Agilewaves is developing a system that monitors electric, gas and water usage from energy sensors and links them through an integration panel within the building.
It’s one of a number of startups, among them Tendril Networks, EnergyHub, Control4, and Onzo, designing systems to integrate energy monitoring devices and sensors with data acquisition software and, in some cases, smart meters in order to measure and manage power use.
I spoke with Ed Campaniello, Agilewaves' CFO.
He described the firm: "Agilewaves provides a building energy management solution that is uniquely positioned as a very cost effective, easy to integrate product for reducing energy consumption in commercial buildings. We are significantly differentiated from building automation or energy monitoring systems." One of the distinctions of the company is that "We are not going to the utility, we are going directly to the building owner. We've made the decision that we are not going to be dependent on utilities for info from a smart meter to make this data available to customers who need it."
Campaniello claims that the firm has, "Upwards of 30 customers right now including some of the leading real estate companies in the country." Some of these firms manage more than 10 million square feet of building space. Others going straight to building owners include Cimetrics, Johnson Controls, Adura Technologies and Advanced Telemetry while EcoFactor will sell its products through broadband providers.
"Because of the approach we've taken on the architecture of the solution, we can provide more visibility than can be provided via a smart meter from a utility," he adds.
"For firms going after residential customers - it makes sense to partner with a utility, but for us going after the commercial and institutuonal space -- it's a different strategy . Our strategy is something that can be deployed quickly and easily and provide highly accurate, targeted, intelligent info as opposed to just data." That information can be sent to computers, mobile devices or third party monitoring services.
The angel-funded company was founded in 2006 by a group of engineers out of NASA who were developing data acquisition technology for science and space applications. They decided to take that data acquisition expertise and apply it to buildings.
Campaniello claims that their software and hardware solution is so accurate that it can provide visibility of energy usage with "billing grade accuracy." Some customers actually use the product for the purpose of sub-metering. "We can offer real-time data in kilowatt hours," adds Campaniello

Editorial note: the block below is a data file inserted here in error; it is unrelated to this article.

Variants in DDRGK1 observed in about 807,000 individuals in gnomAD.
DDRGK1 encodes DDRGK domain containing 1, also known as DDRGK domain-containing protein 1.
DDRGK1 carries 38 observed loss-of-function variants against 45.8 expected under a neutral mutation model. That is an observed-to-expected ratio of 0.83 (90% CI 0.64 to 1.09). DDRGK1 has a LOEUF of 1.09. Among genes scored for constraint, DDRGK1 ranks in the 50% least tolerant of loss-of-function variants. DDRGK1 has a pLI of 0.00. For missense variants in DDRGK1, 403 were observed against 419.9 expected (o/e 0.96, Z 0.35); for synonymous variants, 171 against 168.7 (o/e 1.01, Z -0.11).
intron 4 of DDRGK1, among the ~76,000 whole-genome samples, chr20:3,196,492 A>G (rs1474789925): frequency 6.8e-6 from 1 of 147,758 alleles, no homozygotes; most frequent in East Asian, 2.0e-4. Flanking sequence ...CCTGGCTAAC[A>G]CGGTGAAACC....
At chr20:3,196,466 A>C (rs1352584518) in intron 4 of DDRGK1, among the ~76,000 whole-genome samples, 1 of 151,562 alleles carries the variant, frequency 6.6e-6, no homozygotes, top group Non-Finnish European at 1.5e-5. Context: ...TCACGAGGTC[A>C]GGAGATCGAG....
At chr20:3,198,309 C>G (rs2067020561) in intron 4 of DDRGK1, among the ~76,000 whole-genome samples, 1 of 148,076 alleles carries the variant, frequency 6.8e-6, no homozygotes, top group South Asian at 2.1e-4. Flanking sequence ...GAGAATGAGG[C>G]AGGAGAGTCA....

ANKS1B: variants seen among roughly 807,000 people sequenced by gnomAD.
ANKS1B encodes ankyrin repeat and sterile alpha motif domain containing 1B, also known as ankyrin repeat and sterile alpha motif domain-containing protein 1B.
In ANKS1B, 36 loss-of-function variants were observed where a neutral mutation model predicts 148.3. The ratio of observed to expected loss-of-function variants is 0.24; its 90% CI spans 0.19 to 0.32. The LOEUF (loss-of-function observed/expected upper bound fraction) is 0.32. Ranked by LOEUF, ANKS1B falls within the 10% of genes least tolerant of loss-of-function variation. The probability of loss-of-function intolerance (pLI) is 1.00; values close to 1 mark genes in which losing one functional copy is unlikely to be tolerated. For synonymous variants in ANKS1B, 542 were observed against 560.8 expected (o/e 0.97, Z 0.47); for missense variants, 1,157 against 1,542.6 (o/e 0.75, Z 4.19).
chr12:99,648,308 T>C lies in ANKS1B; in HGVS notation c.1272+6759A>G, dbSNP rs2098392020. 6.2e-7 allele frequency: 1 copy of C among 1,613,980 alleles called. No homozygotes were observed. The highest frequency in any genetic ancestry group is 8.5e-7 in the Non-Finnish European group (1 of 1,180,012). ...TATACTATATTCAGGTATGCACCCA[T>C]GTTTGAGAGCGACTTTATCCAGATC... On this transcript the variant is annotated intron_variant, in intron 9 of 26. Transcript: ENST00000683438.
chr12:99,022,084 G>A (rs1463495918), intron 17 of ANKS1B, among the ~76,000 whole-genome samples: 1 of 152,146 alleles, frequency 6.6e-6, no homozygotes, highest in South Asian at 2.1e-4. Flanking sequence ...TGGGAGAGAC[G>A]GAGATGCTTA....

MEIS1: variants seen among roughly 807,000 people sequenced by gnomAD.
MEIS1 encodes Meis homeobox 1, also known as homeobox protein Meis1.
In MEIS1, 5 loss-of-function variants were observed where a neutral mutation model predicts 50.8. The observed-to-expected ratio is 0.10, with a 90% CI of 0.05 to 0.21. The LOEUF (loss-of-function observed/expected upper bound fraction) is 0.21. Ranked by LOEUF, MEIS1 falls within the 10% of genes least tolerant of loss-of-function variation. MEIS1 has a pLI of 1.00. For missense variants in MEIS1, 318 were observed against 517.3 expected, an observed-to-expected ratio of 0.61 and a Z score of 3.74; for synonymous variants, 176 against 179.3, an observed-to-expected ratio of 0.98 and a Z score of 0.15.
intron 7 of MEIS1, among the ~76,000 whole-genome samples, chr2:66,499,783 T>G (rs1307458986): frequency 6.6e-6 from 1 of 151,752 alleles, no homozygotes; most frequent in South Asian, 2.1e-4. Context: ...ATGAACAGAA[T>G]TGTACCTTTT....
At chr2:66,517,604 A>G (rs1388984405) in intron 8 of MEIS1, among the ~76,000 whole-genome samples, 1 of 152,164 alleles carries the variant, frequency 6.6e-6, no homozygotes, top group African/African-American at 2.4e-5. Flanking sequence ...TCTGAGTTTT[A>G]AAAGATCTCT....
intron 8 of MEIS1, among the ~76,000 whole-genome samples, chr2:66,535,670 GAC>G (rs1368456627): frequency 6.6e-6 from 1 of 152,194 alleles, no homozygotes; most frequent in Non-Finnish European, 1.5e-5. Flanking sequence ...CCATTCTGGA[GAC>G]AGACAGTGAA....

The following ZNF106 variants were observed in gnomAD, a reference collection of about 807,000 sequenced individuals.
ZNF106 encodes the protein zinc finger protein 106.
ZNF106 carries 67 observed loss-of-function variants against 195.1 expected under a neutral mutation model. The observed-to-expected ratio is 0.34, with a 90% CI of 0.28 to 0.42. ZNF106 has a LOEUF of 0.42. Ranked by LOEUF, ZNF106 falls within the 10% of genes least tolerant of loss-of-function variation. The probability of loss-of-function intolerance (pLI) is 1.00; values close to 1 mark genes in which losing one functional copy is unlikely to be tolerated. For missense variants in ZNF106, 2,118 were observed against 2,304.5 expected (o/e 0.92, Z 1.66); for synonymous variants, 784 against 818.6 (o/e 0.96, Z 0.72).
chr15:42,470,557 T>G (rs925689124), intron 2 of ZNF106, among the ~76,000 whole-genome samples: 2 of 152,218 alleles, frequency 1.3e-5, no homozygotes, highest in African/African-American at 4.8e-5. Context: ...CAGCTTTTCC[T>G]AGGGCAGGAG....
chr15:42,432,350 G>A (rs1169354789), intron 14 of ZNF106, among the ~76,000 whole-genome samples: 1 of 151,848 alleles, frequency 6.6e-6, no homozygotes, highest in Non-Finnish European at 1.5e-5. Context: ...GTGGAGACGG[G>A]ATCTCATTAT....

An example of sub-metering: In a large commercial office building the rental agreement could be "full service" with utilities paid by the building owner. In this type of arrangement - there is not a lot of incentive for the tenants to reduce their utility bill. By adding the Agilewaves system to accurately track the energy usage for a given tenant -- the owner has a system in place to shift tenants to paying their utility bill directly with the added benefit of marketing the building as a green building. New York City actually offers subsidies for owners who provide sub-metering.
The system is priced by the number of end-points being monitored including electricity, gas or water. "The sensors come in a variety of different forms but they are tested in our own lab, and they are easy to install. 100,000 square feet takes a licensed electrician about a day to install."
There is an upfront fee for the first year and a subsequent subscription for the software which is hosted, managed, and periodically upgraded by the start-up.
Products like the Agilwaves system allow users to recognize where there are problems in a building, for example:
- HVAC systems that are simultaneously cooling and heating a building
- Systems that are on 24 hours a day that don't need to be on 24 hours per day
- Pumps that dont need to be runnning all the time
- Lights that don't need to be on at night
The bottom line according to Campaniello: "Building owners can see savings of 15-25% in the first year."
The smart grid ecosytem is complex and crowded. A great tool to navigate the terrain is Greentech Media Research's Free Smart Grid Report.